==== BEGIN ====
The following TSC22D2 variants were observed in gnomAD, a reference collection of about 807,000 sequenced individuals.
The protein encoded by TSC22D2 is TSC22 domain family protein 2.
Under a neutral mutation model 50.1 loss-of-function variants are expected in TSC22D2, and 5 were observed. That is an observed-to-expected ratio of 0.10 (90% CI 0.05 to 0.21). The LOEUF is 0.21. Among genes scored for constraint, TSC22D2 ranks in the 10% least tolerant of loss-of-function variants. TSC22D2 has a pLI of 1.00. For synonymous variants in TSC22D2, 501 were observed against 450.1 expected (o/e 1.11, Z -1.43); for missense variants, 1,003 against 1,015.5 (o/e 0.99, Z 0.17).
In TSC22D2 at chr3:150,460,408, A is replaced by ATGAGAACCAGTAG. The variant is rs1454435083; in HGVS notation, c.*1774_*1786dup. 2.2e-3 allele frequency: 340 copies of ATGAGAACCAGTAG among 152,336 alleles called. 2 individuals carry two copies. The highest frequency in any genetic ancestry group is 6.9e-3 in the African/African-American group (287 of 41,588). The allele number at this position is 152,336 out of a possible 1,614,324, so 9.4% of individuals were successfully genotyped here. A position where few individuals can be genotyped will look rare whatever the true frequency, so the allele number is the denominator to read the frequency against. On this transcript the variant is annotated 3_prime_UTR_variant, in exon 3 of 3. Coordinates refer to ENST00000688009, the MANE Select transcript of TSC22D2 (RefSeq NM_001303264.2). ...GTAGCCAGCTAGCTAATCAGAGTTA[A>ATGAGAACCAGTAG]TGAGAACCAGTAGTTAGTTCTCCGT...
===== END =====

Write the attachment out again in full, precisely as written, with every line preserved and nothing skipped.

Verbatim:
The following TSC22D2 variants were observed in gnomAD, a reference collection of about 807,000 sequenced individuals.
The protein encoded by TSC22D2 is TSC22 domain family protein 2.
Under a neutral mutation model 50.1 loss-of-function variants are expected in TSC22D2, and 5 were observed. That is an observed-to-expected ratio of 0.10 (90% CI 0.05 to 0.21). The LOEUF is 0.21. Among genes scored for constraint, TSC22D2 ranks in the 10% least tolerant of loss-of-function variants. TSC22D2 has a pLI of 1.00. For synonymous variants in TSC22D2, 501 were observed against 450.1 expected (o/e 1.11, Z -1.43); for missense variants, 1,003 against 1,015.5 (o/e 0.99, Z 0.17).
In TSC22D2 at chr3:150,460,408, A is replaced by ATGAGAACCAGTAG. The variant is rs1454435083; in HGVS notation, c.*1774_*1786dup. 2.2e-3 allele frequency: 340 copies of ATGAGAACCAGTAG among 152,336 alleles called. 2 individuals carry two copies. The highest frequency in any genetic ancestry group is 6.9e-3 in the African/African-American group (287 of 41,588). The allele number at this position is 152,336 out of a possible 1,614,324, so 9.4% of individuals were successfully genotyped here. A position where few individuals can be genotyped will look rare whatever the true frequency, so the allele number is the denominator to read the frequency against. On this transcript the variant is annotated 3_prime_UTR_variant, in exon 3 of 3. Coordinates refer to ENST00000688009, the MANE Select transcript of TSC22D2 (RefSeq NM_001303264.2). ...GTAGCCAGCTAGCTAATCAGAGTTA[A>ATGAGAACCAGTAG]TGAGAACCAGTAGTTAGTTCTCCGT...